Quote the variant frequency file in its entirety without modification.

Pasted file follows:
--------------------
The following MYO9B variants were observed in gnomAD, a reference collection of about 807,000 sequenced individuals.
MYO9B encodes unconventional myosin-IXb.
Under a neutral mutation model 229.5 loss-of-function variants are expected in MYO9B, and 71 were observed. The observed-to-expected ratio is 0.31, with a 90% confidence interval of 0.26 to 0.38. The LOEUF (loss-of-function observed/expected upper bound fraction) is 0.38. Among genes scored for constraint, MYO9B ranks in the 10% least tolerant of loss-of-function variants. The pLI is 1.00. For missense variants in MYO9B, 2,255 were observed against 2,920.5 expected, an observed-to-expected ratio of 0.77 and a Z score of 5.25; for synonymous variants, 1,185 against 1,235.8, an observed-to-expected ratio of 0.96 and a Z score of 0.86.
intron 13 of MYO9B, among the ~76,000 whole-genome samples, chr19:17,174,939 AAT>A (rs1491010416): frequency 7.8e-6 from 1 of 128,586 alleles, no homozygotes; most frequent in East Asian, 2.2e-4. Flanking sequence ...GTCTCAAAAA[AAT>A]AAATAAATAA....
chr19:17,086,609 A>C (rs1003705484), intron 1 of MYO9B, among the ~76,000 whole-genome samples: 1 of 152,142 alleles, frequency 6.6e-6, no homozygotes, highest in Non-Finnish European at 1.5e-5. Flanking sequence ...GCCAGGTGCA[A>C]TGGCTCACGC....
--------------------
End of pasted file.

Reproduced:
The following MYO9B variants were observed in gnomAD, a reference collection of about 807,000 sequenced individuals.
MYO9B encodes unconventional myosin-IXb.
Under a neutral mutation model 229.5 loss-of-function variants are expected in MYO9B, and 71 were observed. The observed-to-expected ratio is 0.31, with a 90% confidence interval of 0.26 to 0.38. The LOEUF (loss-of-function observed/expected upper bound fraction) is 0.38. Among genes scored for constraint, MYO9B ranks in the 10% least tolerant of loss-of-function variants. The pLI is 1.00. For missense variants in MYO9B, 2,255 were observed against 2,920.5 expected, an observed-to-expected ratio of 0.77 and a Z score of 5.25; for synonymous variants, 1,185 against 1,235.8, an observed-to-expected ratio of 0.96 and a Z score of 0.86.
intron 13 of MYO9B, among the ~76,000 whole-genome samples, chr19:17,174,939 AAT>A (rs1491010416): frequency 7.8e-6 from 1 of 128,586 alleles, no homozygotes; most frequent in East Asian, 2.2e-4. Flanking sequence ...GTCTCAAAAA[AAT>A]AAATAAATAA....
chr19:17,086,609 A>C (rs1003705484), intron 1 of MYO9B, among the ~76,000 whole-genome samples: 1 of 152,142 alleles, frequency 6.6e-6, no homozygotes, highest in Non-Finnish European at 1.5e-5. Flanking sequence ...GCCAGGTGCA[A>C]TGGCTCACGC....